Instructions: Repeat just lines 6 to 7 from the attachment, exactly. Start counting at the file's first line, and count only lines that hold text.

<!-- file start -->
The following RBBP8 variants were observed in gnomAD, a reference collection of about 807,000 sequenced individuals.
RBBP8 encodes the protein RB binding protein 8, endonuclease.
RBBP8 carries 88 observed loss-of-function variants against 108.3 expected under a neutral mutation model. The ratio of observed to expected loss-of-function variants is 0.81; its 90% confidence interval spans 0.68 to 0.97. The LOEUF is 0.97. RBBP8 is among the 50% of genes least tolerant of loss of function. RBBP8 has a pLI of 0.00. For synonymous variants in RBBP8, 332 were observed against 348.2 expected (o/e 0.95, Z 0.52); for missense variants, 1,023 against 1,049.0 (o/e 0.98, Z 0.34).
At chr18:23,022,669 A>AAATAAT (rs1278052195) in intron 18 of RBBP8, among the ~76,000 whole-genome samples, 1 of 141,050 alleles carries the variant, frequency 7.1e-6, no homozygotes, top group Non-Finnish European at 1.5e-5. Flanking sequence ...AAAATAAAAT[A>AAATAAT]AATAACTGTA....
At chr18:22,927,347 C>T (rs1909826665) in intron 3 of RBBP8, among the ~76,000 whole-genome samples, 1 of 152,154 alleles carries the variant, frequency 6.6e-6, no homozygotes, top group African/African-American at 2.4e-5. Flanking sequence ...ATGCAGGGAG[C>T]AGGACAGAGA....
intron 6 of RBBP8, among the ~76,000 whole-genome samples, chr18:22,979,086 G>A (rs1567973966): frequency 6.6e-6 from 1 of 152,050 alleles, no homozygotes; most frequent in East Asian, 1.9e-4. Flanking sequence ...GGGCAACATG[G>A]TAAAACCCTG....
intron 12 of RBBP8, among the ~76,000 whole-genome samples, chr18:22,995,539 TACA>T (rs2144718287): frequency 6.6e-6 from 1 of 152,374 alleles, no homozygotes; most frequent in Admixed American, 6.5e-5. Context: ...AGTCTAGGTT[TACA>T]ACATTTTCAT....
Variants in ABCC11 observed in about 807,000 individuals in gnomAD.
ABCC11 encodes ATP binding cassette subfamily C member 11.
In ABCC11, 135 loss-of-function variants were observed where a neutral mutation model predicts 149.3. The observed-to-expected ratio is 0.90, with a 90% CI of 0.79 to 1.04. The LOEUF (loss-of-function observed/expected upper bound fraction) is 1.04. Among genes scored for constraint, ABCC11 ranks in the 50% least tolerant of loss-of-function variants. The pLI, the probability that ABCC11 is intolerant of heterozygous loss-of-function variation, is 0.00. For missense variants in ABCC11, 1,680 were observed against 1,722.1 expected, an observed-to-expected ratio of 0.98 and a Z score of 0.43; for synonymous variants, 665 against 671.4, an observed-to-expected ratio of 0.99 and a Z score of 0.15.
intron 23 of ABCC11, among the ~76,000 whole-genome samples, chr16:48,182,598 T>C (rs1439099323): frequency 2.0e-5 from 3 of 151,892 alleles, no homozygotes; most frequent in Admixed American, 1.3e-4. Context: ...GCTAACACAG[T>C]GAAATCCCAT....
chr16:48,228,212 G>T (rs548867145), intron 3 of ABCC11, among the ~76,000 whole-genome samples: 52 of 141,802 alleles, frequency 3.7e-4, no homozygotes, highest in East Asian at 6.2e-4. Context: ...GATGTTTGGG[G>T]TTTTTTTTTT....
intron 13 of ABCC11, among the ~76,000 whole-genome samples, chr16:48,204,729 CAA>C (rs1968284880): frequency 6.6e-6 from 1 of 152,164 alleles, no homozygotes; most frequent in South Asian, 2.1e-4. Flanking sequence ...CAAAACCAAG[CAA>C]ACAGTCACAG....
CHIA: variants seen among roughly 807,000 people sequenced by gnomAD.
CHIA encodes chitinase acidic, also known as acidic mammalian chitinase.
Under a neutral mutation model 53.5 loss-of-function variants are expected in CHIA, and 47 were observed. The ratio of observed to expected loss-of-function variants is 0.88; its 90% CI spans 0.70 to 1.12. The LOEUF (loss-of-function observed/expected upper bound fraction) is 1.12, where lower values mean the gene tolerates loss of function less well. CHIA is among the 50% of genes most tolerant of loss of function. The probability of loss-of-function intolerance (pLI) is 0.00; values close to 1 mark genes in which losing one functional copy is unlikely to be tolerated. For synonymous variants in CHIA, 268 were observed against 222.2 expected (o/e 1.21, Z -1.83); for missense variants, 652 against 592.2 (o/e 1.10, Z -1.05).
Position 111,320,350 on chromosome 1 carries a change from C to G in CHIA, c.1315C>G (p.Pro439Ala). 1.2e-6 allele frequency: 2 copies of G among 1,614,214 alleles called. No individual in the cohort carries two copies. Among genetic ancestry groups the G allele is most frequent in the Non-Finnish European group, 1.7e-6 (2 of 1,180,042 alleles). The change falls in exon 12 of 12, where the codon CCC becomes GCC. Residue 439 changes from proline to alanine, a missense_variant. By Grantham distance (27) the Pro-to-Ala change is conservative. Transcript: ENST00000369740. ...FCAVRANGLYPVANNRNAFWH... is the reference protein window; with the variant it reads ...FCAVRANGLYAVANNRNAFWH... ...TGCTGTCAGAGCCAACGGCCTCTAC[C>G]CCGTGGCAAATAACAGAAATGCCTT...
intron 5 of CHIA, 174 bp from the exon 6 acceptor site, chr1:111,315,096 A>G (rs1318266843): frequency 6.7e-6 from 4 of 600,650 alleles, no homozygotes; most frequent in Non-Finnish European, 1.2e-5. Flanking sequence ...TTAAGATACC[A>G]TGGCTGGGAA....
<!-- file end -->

intron 6 of RBBP8, among the ~76,000 whole-genome samples, chr18:22,979,086 G>A (rs1567973966): frequency 6.6e-6 from 1 of 152,050 alleles, no homozygotes; most frequent in East Asian, 1.9e-4. Flanking sequence ...GGGCAACATG[G>A]TAAAACCCTG....
intron 12 of RBBP8, among the ~76,000 whole-genome samples, chr18:22,995,539 TACA>T (rs2144718287): frequency 6.6e-6 from 1 of 152,374 alleles, no homozygotes; most frequent in Admixed American, 6.5e-5. Context: ...AGTCTAGGTT[TACA>T]ACATTTTCAT....